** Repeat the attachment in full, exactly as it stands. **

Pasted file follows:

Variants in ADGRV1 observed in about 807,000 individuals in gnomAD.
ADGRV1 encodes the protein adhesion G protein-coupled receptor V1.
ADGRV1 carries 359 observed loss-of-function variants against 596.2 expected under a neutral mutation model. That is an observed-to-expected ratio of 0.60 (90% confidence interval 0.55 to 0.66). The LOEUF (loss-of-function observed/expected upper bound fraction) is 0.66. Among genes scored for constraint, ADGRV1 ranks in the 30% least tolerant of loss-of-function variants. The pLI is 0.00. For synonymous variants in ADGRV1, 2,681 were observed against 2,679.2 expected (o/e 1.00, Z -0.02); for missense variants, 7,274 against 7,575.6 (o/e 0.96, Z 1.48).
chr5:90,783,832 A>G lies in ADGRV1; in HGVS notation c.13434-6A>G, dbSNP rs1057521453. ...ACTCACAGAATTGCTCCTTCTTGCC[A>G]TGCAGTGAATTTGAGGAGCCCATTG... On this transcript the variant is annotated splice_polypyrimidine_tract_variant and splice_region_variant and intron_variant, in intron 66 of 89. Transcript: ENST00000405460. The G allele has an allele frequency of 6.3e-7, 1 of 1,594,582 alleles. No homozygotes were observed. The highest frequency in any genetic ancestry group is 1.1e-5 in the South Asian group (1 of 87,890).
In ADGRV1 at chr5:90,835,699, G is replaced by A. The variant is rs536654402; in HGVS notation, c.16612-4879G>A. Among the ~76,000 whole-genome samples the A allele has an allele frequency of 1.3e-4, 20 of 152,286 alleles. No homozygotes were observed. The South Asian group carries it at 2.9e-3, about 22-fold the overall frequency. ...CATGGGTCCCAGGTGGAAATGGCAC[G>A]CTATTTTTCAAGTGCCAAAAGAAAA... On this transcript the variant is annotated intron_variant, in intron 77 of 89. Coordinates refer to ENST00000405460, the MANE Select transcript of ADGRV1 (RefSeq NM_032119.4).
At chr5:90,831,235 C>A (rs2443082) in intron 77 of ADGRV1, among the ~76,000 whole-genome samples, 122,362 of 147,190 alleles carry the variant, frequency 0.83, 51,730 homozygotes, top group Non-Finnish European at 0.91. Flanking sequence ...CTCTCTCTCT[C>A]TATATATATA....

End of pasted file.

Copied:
Variants in ADGRV1 observed in about 807,000 individuals in gnomAD.
ADGRV1 encodes the protein adhesion G protein-coupled receptor V1.
ADGRV1 carries 359 observed loss-of-function variants against 596.2 expected under a neutral mutation model. That is an observed-to-expected ratio of 0.60 (90% confidence interval 0.55 to 0.66). The LOEUF (loss-of-function observed/expected upper bound fraction) is 0.66. Among genes scored for constraint, ADGRV1 ranks in the 30% least tolerant of loss-of-function variants. The pLI is 0.00. For synonymous variants in ADGRV1, 2,681 were observed against 2,679.2 expected (o/e 1.00, Z -0.02); for missense variants, 7,274 against 7,575.6 (o/e 0.96, Z 1.48).
chr5:90,783,832 A>G lies in ADGRV1; in HGVS notation c.13434-6A>G, dbSNP rs1057521453. ...ACTCACAGAATTGCTCCTTCTTGCC[A>G]TGCAGTGAATTTGAGGAGCCCATTG... On this transcript the variant is annotated splice_polypyrimidine_tract_variant and splice_region_variant and intron_variant, in intron 66 of 89. Transcript: ENST00000405460. The G allele has an allele frequency of 6.3e-7, 1 of 1,594,582 alleles. No homozygotes were observed. The highest frequency in any genetic ancestry group is 1.1e-5 in the South Asian group (1 of 87,890).
In ADGRV1 at chr5:90,835,699, G is replaced by A. The variant is rs536654402; in HGVS notation, c.16612-4879G>A. Among the ~76,000 whole-genome samples the A allele has an allele frequency of 1.3e-4, 20 of 152,286 alleles. No homozygotes were observed. The South Asian group carries it at 2.9e-3, about 22-fold the overall frequency. ...CATGGGTCCCAGGTGGAAATGGCAC[G>A]CTATTTTTCAAGTGCCAAAAGAAAA... On this transcript the variant is annotated intron_variant, in intron 77 of 89. Coordinates refer to ENST00000405460, the MANE Select transcript of ADGRV1 (RefSeq NM_032119.4).
At chr5:90,831,235 C>A (rs2443082) in intron 77 of ADGRV1, among the ~76,000 whole-genome samples, 122,362 of 147,190 alleles carry the variant, frequency 0.83, 51,730 homozygotes, top group Non-Finnish European at 0.91. Flanking sequence ...CTCTCTCTCT[C>A]TATATATATA....